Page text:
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Root must learn lessons from Ashes and make bold calls with work under pressure

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oe Root is on his third Ashes tour, and it’s the first time the urn will be up for grabs when he eats his Christmas turkey.

As things are going, it is hard to escape the conclusion that this is only the case because of the shape of the calendar, with three, not two, Tests after Christmas, rather than any improvement in performance. England performance.

At the start of another series that suddenly feels very long, England looks as stuffed as Root’s turkey. And while their preparation was hampered by Covid and the rain, what will hurt the most is that so many of their issues have been homemade.

Root and Chris Silverwood, the submissive man with the soft voice who takes on the epic double duty of head coach and selection supremo, are under pressure for their jobs during one of the game’s big occasions, a test of the ashes on Boxing Day, here at the colossal MCG.

Root has been a maligned captain, and there are obvious shortcomings. He is respected by his team, is a good ambassador for the sport and has never shied away from his responsibilities, whether with the stick or in decision-making. His position as captain should, based on the story, come to an end naturally.

A second success in an away Ashes series has not been granted to a captain in a century, and in Melbourne (where he will be 31 on day five) he will be on par with his predecessor, Sir Alastair Cook, out of 59 tests, the most for an English skipper. Four to five years has been the shelf life in the modern age.

The problem is the viable alternatives. Ben Stokes is a possibility, but would he take it away from his buddy Root? That’s before considering he’s a versatile player, playing all three formats as well as the IPL, who has had injury issues and mental health issues severe enough to keep him from playing this year. It would be a risk, but not as much as Rory Burns or Jos Buttler, whose careers could end on this tour.

The bad news for Silverwood is that while the captains are drawn from the pool of available players, the net can be wider for the coaches. There are plenty of them, from all countries, with all kinds of styles.

England captain Joe Root has made a number of mistakes during the Ashes series so far

/ Getty Images

Whatever happens over the next few weeks, it looks like Silverwood’s tenure is too broad for any individual, let alone his limitations. If England pull off the unthinkable and leave with the Ashes, it will be despite a situation where they have a head coach responsible for the selection in all three formats, and not because of it. Whether or not Silverwood remains involved, a red-white-ball split seems reasonable, with separate figureheads working together on selection but separately on training.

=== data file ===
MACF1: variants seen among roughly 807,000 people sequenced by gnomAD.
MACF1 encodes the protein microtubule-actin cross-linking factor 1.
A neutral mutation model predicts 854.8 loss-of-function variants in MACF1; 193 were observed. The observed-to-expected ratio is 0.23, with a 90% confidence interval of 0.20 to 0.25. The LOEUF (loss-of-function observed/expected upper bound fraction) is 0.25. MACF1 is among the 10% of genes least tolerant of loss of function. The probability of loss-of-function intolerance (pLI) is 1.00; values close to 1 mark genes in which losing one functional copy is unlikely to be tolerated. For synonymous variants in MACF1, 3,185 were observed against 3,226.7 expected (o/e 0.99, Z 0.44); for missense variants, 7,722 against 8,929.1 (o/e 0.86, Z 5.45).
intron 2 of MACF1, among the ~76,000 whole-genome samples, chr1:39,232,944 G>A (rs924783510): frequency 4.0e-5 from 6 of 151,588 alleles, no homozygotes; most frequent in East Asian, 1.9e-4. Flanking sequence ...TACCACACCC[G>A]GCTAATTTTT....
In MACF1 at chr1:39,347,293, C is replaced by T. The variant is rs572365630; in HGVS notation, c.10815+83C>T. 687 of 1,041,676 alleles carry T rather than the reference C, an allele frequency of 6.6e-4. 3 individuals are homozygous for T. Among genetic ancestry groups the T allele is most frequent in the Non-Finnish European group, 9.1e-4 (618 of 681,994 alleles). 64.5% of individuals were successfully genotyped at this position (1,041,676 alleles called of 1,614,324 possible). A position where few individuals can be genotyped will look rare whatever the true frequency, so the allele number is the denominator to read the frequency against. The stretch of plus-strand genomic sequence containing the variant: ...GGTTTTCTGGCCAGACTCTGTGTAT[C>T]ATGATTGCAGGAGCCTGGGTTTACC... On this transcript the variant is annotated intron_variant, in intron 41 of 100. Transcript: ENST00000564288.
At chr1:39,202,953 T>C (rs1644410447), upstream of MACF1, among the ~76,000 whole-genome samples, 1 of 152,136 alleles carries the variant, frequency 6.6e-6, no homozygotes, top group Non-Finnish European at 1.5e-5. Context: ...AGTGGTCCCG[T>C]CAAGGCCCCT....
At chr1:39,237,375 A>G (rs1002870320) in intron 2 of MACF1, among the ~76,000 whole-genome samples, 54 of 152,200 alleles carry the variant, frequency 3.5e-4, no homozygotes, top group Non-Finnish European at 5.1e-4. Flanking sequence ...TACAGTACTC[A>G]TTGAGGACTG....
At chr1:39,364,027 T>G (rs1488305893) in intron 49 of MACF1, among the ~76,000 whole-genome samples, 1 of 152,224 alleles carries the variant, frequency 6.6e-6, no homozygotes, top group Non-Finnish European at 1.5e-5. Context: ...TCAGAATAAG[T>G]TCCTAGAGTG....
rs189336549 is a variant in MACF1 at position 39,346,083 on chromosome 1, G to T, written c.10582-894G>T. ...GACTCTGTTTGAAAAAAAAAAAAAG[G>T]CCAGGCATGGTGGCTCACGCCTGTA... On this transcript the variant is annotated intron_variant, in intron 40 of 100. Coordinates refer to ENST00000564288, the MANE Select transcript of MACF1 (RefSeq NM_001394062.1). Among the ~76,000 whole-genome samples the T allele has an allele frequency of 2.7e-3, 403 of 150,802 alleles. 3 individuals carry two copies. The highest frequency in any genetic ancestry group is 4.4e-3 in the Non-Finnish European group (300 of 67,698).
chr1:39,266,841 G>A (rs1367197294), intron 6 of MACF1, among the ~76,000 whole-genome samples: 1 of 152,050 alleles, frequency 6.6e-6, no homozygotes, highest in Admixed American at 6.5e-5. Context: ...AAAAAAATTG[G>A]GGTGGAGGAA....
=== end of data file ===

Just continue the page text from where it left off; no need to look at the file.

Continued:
Too often, Root and Silverwood have picked the wrong team. They picked four seamers out of a sandbox in Ahmedabad and have so far chased their tails around Australia. They threw Jack Leach to Wolves in Brisbane, which they felt was enough to rule him out in Adelaide, where Ollie Robinson bowled and Root and Dawid Malan shared five wickets. James Anderson and Stuart Broad were selected for Adelaide and Mark Wood for Melbourne. The Ashes do not wait.

If they make it a selection hat-trick in Melbourne, where the pitch is likely to be flat, the Ashes will be gone. Forget Sydney and Hobart – Will Covid even allow the series to go this far? – and choose your best team.

It’s time for some big batting calls. Start at the top. Zak Crawley is expected to replace Haseeb Hameed, as Rory Burns at least seems to be going in the right direction. Some of the coaching staff regretted that they let Crawley down, despite his terrible year, in a matter of days, when a technical crunch immediately appeared in the net. England have said for two years that they have the game for Australia; use it.

Zak Crawley set to replace Haseeb Hameed for Boxing Day test in Melbourne

/ AFP via Getty Images

Ollie Pope looks exhausted, especially against Nathan Lyon, and – 22 tests in his career – needs to be challenged further. Try Dan Lawrence or Jonny Bairstow, perhaps as a wicket keeper at No.7, with Buttler pushed all the way to No.6 as a specialist hitter. Bairstow averages 37 as a wicket keeper, 27 when not. Buttler averages 31 as a wicket keeper, 36 when he’s not. And he dropped three clicks in Adelaide.

What about the bowlers? Forget the tail and omit Chris Woakes. Wood returns, as does Leach – who must be ready for Sydney – for Broad or Anderson. These two are an iconic duo, but in their last 15 tandem away tests, dating back to January 2016, England have only two wins. When Woakes plays with them, it’s even worse. Anderson, Broad and Woakes played seven away Tests together: six losses, one draw.

Root talks about repeating mistakes. This includes selection, and its lesson must be learned now.

My team for Melbourne:R Burns, Z Crawley, D Malan, J Root (c), B Stokes, J Buttler, J Bairstow, O Robinson, M Wood, J Leach, J Anderson

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